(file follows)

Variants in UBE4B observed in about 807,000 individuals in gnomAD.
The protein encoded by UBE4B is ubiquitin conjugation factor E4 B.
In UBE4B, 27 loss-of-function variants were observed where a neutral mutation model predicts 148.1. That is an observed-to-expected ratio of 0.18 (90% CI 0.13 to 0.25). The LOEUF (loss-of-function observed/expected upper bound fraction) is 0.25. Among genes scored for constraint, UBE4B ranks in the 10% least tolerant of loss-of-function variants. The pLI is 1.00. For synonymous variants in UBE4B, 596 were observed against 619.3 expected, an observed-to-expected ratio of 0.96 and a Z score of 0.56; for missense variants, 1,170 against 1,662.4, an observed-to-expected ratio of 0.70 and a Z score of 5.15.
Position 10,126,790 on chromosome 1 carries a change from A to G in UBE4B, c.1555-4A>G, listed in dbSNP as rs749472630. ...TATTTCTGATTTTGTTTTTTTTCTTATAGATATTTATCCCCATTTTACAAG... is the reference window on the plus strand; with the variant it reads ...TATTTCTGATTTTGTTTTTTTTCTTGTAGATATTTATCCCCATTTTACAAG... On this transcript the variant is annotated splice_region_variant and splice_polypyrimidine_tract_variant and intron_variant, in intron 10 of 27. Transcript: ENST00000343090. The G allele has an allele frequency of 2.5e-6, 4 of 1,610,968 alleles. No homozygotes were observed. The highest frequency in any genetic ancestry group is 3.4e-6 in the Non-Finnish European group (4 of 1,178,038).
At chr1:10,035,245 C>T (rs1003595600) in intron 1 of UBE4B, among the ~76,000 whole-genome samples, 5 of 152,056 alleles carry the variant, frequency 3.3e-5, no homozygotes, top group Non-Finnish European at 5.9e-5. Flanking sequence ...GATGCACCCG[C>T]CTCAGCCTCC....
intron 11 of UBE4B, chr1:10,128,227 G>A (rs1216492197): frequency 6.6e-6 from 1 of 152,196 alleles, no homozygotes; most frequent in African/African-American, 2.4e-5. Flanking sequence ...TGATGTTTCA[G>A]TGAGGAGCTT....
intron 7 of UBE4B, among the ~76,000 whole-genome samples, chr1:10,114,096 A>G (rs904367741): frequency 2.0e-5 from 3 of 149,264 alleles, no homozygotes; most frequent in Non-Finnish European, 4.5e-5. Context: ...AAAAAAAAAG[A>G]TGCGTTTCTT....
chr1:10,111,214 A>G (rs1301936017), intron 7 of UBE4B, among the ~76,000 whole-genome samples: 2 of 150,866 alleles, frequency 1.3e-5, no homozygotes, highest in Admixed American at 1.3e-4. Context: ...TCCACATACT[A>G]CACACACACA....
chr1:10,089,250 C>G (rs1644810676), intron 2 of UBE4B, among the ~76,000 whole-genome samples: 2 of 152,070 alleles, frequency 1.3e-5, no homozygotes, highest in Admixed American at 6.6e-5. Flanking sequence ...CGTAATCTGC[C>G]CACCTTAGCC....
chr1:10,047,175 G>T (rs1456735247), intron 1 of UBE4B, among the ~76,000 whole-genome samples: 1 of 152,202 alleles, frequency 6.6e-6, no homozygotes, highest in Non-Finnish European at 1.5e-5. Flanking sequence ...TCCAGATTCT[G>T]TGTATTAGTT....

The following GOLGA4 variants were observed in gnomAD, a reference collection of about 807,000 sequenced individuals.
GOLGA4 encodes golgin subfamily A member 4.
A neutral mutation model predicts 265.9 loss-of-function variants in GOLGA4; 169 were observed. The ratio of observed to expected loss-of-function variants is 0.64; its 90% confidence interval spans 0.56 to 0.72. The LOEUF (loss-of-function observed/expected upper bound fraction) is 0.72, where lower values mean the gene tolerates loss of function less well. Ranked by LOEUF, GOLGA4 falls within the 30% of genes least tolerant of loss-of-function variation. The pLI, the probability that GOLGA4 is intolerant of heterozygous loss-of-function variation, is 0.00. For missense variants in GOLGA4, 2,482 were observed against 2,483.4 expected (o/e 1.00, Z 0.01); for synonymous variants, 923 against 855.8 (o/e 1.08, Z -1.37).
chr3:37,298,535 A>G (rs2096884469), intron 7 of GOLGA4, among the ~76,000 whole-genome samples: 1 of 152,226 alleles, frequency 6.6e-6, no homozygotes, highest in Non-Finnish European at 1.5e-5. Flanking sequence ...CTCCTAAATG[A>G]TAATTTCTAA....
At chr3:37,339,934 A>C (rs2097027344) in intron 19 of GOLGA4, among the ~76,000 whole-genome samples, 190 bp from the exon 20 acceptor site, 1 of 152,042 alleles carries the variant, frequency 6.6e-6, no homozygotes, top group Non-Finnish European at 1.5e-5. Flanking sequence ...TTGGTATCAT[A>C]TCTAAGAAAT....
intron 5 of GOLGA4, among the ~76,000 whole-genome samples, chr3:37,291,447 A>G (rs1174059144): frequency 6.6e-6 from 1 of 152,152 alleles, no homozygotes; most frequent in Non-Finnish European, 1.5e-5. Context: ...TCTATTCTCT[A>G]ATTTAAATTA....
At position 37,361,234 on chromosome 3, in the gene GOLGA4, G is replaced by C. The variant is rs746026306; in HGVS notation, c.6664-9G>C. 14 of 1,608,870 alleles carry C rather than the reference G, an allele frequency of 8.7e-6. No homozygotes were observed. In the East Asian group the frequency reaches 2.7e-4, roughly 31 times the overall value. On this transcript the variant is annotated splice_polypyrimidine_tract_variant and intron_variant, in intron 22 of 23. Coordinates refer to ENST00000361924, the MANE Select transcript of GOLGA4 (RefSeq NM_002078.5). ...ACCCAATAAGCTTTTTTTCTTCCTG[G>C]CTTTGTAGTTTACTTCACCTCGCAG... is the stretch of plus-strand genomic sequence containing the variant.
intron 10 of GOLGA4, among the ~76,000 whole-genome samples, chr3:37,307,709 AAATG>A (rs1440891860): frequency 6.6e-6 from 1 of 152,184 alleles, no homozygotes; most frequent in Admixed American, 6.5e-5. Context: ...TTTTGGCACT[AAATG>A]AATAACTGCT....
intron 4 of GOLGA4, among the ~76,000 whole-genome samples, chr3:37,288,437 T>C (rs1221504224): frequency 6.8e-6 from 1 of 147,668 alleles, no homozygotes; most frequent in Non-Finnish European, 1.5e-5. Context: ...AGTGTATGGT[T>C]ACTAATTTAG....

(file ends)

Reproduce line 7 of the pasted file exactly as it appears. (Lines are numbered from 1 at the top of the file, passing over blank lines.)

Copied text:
intron 7 of UBE4B, among the ~76,000 whole-genome samples, chr1:10,114,096 A>G (rs904367741): frequency 2.0e-5 from 3 of 149,264 alleles, no homozygotes; most frequent in Non-Finnish European, 4.5e-5. Context: ...AAAAAAAAAG[A>G]TGCGTTTCTT....